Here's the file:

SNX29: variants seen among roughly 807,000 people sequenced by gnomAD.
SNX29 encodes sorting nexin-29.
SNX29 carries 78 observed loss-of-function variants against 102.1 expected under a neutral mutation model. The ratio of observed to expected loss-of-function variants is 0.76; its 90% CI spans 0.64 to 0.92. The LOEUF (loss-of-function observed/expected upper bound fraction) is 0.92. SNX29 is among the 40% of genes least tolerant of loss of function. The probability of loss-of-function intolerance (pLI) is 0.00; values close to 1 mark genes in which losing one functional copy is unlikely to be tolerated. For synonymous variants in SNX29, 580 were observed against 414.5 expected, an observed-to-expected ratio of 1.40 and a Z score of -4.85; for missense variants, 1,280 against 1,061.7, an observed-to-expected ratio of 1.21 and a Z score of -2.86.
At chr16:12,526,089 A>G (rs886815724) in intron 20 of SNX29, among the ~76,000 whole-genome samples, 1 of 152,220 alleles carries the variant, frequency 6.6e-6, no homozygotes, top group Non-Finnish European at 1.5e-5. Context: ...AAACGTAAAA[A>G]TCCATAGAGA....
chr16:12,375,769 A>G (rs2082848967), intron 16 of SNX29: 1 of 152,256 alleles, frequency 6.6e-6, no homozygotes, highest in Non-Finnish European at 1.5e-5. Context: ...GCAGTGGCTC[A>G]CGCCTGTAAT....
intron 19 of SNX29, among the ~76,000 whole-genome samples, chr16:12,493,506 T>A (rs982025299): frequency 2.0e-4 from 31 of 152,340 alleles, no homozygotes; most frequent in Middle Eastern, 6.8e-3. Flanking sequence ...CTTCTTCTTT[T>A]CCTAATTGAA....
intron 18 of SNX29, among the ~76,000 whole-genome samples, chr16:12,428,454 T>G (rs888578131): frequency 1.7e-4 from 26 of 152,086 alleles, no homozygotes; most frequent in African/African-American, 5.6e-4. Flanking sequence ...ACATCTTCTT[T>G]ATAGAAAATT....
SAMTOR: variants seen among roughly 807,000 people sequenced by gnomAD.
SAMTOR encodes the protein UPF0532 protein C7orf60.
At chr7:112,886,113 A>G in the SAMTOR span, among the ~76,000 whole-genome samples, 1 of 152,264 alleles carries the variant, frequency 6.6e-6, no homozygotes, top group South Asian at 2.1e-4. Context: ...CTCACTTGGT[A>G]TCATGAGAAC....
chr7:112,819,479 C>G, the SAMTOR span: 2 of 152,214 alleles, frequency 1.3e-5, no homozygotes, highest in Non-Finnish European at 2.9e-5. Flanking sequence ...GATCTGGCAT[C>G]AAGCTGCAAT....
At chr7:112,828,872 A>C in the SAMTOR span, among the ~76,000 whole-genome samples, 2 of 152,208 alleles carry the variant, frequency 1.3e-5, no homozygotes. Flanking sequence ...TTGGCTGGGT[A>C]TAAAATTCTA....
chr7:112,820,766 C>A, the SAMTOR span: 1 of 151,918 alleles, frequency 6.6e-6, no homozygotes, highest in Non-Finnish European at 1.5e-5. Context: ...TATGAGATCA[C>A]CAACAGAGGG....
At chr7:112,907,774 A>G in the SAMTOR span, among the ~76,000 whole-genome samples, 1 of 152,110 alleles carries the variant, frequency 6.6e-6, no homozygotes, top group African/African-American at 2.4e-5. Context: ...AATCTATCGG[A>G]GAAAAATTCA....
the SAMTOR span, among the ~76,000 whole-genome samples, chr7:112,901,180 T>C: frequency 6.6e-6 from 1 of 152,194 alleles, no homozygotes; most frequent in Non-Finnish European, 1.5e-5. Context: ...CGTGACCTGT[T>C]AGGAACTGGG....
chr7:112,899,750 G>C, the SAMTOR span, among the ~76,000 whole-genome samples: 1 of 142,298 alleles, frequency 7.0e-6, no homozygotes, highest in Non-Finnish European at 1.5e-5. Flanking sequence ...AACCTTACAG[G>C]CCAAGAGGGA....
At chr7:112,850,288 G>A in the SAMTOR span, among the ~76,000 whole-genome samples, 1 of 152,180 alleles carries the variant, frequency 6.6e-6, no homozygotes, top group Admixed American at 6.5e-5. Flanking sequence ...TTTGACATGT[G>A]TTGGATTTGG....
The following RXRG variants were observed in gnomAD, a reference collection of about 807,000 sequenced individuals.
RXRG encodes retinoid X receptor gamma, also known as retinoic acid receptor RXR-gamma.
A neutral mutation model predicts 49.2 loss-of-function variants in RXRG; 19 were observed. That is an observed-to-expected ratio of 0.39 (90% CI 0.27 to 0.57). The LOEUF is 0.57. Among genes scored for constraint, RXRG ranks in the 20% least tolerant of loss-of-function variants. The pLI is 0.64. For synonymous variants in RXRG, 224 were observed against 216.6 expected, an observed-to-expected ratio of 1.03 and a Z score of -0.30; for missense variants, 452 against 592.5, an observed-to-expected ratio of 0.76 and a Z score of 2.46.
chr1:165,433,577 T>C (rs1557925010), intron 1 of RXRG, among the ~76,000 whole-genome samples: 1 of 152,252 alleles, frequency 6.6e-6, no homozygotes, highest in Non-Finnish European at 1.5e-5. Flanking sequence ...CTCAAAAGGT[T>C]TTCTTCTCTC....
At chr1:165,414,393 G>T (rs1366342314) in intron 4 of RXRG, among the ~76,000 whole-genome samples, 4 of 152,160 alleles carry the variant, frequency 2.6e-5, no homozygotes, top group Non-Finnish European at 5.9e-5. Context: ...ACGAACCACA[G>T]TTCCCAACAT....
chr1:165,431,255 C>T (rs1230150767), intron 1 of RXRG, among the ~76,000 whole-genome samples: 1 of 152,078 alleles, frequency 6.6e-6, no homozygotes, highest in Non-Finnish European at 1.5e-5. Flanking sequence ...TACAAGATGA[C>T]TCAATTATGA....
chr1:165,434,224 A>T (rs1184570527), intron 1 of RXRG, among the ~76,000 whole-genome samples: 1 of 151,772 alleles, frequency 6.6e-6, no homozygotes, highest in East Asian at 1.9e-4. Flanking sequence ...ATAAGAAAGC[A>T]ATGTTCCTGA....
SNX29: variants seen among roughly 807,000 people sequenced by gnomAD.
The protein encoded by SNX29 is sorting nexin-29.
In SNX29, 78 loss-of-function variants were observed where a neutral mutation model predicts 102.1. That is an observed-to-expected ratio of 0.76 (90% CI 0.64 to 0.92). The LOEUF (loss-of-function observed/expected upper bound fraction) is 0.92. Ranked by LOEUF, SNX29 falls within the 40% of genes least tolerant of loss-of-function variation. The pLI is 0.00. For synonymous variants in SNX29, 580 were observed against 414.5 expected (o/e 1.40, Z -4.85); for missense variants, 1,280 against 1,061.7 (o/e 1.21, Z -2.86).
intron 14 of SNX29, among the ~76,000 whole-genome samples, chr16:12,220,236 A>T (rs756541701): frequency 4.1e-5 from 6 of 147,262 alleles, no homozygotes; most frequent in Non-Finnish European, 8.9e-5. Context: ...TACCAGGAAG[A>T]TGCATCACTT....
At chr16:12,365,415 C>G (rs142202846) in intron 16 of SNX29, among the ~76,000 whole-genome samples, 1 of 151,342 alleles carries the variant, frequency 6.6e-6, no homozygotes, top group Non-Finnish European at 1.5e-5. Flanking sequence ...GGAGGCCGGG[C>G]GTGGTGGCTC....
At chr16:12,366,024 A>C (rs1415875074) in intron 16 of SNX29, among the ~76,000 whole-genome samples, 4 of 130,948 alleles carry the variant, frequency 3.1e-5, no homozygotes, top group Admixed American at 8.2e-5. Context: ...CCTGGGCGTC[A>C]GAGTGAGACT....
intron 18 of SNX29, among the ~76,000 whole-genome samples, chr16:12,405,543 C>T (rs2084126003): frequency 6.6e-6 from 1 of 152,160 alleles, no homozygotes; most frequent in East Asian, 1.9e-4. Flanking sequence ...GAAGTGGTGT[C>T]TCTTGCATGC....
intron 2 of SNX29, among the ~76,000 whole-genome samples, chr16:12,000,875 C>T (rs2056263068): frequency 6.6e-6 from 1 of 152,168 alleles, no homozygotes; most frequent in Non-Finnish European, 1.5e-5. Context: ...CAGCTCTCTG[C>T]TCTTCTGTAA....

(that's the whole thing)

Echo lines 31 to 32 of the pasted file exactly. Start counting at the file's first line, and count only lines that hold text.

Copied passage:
intron 18 of SNX29, among the ~76,000 whole-genome samples, chr16:12,405,543 C>T (rs2084126003): frequency 6.6e-6 from 1 of 152,160 alleles, no homozygotes; most frequent in East Asian, 1.9e-4. Flanking sequence ...GAAGTGGTGT[C>T]TCTTGCATGC....
intron 2 of SNX29, among the ~76,000 whole-genome samples, chr16:12,000,875 C>T (rs2056263068): frequency 6.6e-6 from 1 of 152,168 alleles, no homozygotes; most frequent in Non-Finnish European, 1.5e-5. Context: ...CAGCTCTCTG[C>T]TCTTCTGTAA....